mercoledì 9 giugno 2010

Un'altra opinione (troppo ?) ottimista sulle azioni USA mentre il vecchio continente è da buttare?

Dal Wall Street Journal: Bob Doll, strategist per il mercato azionario USA a BlackRock, vede un futuro roseo per le azioni americane. La tesi fondamentale di Doll è che

(...) compared to the rest of the world the U.S. is in reasonably good shape. Our economic fundamentals are sound: Manufacturing levels are up and interest rates and inflation are low. The broader economy's recovery is also finally translating into meaningful employment improvements—recent employment reports show increases in average hourly earnings and hours worked—and I believe this trend will continue. 
The recovery that took root last summer with the help of government stimulus now seems to be evolving into a self-sustaining expansion. In the first quarter of 2010, nominal GDP reached an all-time high. Real GDP will reach a new high either late in the second quarter or early in the third.
Compared with historic trends, these developments are extraordinary. Following the Great Depression, the U.S. took 15 years to return to its previous GDP level. Japan's growth took nearly as long to recover following its "lost decade" of the 1990s. But in just a few quarters, our economy has taken monumental steps toward health.
Now consider Europe, grappling with significant sovereign debt and deflation, and an inflexible currency system straining its governments. In Japan, economic recovery is evident, but the pace is much slower. Deflation and a declining population remain real concerns, a strong yen has slowed exports, and the banking system is pressured.
What about emerging markets? The largest of the emerging economies (Brazil, Russia, India and China) have advanced their global GDP share to 15% from 7% since 1995. But their relative economic expansion has come at the expense of Europe and Japan—not the U.S. Fifteen years ago, the U.S. accounted for 25% of global GDP. Today? Still 25%.
Corporate profits could reach a new record high in this year's third quarter. Free cash flow for nonfinancial American companies is also exceptionally high—cash on the balance sheet is close to 11% of assets, a 60-year high. And high cash levels are already generating dividend increases, share buybacks, capital investments and M&A activity—all extremely shareholder friendly.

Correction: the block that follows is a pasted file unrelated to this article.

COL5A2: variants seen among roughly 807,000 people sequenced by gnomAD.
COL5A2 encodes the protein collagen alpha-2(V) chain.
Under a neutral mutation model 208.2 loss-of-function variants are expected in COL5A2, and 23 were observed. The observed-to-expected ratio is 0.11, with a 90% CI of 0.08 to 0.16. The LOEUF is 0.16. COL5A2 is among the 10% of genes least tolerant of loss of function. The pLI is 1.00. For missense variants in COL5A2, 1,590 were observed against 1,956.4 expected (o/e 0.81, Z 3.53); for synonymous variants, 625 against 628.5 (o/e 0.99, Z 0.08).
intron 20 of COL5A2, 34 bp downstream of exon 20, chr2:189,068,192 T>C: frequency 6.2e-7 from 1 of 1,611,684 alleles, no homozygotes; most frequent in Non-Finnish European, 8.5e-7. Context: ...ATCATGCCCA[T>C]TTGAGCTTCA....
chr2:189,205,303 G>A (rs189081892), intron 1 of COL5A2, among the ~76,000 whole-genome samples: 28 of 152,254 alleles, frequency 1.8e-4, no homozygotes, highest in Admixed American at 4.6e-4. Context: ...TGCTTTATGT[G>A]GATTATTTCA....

The importance of improving America's productivity growth can't be overstated. High productivity tends to lower unit labor costs and boost corporate profits.
According to Citigroup, U.S. unit labor costs are dropping at their fastest pace in 40 years. We last saw a similar surge in U.S. productivity in the late 1990s. Then, U.S. corporations were heavily investing in their own businesses, and foreign investors were increasing their U.S. allocations. This sparked a rise in the dollar. Improving productivity, a strengthening currency, and rising equity markets are linked. We saw that synchronization 15 years ago, and we are seeing it today.
(...) The bottom line is that the U.S. has generally performed better on the upside this year and held its ground better on the downside.
The relative strength of U.S. stocks is no accident. Since the credit crisis struck, we have taken quicker action and demonstrated greater innovation than our competitors.
Potential risks—trade complications, escalating credit contagion, overly aggressive financial regulation, and tax increases—clearly remain. But for the moment, our nation seems poised to remain a City Upon a Hill.

La percezione di un'Europa confusa e inconcludente è molto forte negli USA: eccovi altri due assaggi dal Wall Street Journal di oggi:
  •  il piano di salvataggio dell'eurozona non ha garanzie: Is the euro zone's €440 billion ($524 billion) new funding facility more than a very large mirror and an industrial quantity of smoke?It is hard to avoid the suspicion that if the special purpose vehicle (SPV) is truly needed, implying markets have refused to fund several euro-zone countries, it won't work as planned. One fear is over demand for the SPV's bonds.
    (...) Ultimately, the only surefire solution to a major funding crisis may be a common euro-zone bond backed by federal taxation. The SPV proposal is a step in that direction. Completing the journey requires a sacrifice of sovereignty few, if any, are willing to make. For now, austerity to avoid being forced to use the SPV seems the more likely outcome.
  • la nebbia della BCE:  So what do investors want? More information as to how much the central bank will spend on a controversial government-debt-purchase program, the widening chasm between the ECB and Germany's Bundesbank, and the ECB's views on the euro's steep slide.They aren't alone in thirsting for clarity. Financial-market fears have driven overnight deposits at the ECB to records, showing banks figure it is better to accept a paltry 0.25% interest rate than lend to other banks.

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